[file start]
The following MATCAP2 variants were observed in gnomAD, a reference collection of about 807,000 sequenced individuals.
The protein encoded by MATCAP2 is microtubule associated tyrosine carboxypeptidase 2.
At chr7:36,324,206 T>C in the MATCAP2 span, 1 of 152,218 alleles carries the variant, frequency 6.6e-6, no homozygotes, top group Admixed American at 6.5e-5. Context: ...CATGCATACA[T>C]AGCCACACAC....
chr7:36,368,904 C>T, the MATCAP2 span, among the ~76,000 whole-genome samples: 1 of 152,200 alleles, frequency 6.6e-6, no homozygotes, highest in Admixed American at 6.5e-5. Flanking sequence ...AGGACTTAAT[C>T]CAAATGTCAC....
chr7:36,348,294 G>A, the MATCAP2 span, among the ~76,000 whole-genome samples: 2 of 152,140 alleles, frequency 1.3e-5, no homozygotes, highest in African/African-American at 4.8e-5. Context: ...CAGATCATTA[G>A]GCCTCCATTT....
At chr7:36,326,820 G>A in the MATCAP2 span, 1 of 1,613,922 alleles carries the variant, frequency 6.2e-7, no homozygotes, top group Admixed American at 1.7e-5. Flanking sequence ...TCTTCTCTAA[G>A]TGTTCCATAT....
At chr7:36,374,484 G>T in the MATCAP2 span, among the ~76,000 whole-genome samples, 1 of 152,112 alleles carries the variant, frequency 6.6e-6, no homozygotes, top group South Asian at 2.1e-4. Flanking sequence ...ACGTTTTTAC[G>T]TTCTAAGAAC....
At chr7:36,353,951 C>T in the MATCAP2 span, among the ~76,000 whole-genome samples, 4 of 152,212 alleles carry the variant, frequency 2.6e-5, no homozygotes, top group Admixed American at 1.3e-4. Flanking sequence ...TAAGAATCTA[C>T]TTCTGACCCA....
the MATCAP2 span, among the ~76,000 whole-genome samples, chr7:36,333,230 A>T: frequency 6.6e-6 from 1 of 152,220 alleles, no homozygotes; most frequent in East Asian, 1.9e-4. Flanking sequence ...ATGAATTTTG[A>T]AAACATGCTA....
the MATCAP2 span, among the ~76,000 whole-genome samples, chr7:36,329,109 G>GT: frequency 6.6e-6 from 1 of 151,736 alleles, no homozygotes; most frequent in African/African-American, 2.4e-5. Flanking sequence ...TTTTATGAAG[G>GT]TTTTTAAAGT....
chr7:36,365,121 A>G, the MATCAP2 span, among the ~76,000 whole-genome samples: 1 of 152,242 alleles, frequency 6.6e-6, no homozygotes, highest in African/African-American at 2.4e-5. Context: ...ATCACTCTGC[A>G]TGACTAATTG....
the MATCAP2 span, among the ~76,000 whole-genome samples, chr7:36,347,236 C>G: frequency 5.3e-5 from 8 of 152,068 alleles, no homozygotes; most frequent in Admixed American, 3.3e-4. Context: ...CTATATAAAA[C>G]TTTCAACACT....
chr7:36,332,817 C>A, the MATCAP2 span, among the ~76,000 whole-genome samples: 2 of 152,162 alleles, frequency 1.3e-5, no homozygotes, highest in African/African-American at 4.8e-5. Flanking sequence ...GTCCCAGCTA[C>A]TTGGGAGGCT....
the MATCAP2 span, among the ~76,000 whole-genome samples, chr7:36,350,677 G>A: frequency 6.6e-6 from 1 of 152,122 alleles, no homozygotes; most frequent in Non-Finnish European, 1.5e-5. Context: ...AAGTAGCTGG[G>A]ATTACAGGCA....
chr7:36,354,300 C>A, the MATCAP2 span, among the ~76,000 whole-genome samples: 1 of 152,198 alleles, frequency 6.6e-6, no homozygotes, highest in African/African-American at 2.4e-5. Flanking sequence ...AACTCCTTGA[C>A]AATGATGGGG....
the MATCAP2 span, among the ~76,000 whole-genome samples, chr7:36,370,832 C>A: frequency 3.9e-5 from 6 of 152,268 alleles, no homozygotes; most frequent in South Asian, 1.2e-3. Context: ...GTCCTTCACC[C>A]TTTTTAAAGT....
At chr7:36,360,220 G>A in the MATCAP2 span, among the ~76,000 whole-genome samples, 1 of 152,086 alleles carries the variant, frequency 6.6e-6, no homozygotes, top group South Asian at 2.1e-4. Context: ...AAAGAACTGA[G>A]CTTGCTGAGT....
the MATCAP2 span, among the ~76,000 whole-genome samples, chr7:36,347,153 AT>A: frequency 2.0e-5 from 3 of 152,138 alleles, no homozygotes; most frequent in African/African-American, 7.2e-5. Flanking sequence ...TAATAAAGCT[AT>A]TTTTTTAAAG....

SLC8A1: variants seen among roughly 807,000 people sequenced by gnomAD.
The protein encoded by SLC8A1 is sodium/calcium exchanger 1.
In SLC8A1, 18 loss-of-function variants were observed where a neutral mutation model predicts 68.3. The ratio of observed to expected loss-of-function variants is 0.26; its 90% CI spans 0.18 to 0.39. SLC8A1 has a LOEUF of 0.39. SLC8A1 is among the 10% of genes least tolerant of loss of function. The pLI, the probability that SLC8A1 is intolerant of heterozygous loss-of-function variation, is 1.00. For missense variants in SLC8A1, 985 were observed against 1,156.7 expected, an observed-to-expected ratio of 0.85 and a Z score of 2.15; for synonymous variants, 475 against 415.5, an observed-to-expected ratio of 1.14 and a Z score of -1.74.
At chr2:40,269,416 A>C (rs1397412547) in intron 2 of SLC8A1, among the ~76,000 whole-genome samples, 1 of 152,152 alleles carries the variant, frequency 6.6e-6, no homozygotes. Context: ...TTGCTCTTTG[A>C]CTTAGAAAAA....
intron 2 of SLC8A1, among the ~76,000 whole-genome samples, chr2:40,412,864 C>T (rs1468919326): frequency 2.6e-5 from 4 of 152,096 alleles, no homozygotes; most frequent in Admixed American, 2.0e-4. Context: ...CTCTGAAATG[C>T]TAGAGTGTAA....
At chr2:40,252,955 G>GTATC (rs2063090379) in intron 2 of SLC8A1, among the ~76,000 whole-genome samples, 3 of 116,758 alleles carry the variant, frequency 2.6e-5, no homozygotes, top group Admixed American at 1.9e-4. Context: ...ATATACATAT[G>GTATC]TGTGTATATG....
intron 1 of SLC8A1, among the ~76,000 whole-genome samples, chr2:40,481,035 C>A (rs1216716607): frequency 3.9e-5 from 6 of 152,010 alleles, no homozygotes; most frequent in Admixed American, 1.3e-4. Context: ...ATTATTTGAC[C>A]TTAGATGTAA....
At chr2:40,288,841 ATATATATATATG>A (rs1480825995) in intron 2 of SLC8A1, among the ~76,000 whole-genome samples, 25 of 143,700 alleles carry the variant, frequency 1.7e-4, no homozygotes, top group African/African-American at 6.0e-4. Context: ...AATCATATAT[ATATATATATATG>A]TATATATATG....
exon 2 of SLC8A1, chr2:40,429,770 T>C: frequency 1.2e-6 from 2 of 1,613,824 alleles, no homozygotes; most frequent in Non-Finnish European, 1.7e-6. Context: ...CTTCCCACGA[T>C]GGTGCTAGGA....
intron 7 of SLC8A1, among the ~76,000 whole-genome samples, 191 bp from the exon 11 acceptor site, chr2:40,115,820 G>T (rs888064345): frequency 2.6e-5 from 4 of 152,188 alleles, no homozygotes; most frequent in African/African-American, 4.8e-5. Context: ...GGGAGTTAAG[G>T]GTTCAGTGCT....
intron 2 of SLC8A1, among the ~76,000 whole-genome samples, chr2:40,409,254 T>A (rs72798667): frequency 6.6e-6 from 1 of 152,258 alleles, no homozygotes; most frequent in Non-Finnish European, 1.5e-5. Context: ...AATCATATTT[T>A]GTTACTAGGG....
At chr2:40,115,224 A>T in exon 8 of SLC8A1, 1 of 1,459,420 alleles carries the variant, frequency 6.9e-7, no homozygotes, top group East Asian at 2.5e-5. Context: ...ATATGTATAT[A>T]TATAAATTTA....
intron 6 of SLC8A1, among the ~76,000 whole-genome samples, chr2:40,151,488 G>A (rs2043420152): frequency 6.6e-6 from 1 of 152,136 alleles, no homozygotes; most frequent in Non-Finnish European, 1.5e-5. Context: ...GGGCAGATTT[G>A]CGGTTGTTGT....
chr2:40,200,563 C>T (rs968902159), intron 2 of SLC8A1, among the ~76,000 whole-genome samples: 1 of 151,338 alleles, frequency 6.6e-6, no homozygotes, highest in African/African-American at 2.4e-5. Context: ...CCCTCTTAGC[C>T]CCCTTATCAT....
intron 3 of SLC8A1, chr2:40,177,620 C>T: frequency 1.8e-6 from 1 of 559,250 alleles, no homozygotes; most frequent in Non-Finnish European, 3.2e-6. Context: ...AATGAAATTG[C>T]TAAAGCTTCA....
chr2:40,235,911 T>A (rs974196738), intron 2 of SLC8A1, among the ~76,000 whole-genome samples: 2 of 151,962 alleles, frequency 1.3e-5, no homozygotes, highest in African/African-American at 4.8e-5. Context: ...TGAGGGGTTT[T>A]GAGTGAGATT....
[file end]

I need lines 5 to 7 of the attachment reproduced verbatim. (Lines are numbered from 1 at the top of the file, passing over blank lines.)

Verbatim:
chr7:36,348,294 G>A, the MATCAP2 span, among the ~76,000 whole-genome samples: 2 of 152,140 alleles, frequency 1.3e-5, no homozygotes, highest in African/African-American at 4.8e-5. Context: ...CAGATCATTA[G>A]GCCTCCATTT....
At chr7:36,326,820 G>A in the MATCAP2 span, 1 of 1,613,922 alleles carries the variant, frequency 6.2e-7, no homozygotes, top group Admixed American at 1.7e-5. Flanking sequence ...TCTTCTCTAA[G>A]TGTTCCATAT....
At chr7:36,374,484 G>T in the MATCAP2 span, among the ~76,000 whole-genome samples, 1 of 152,112 alleles carries the variant, frequency 6.6e-6, no homozygotes, top group South Asian at 2.1e-4. Flanking sequence ...ACGTTTTTAC[G>T]TTCTAAGAAC....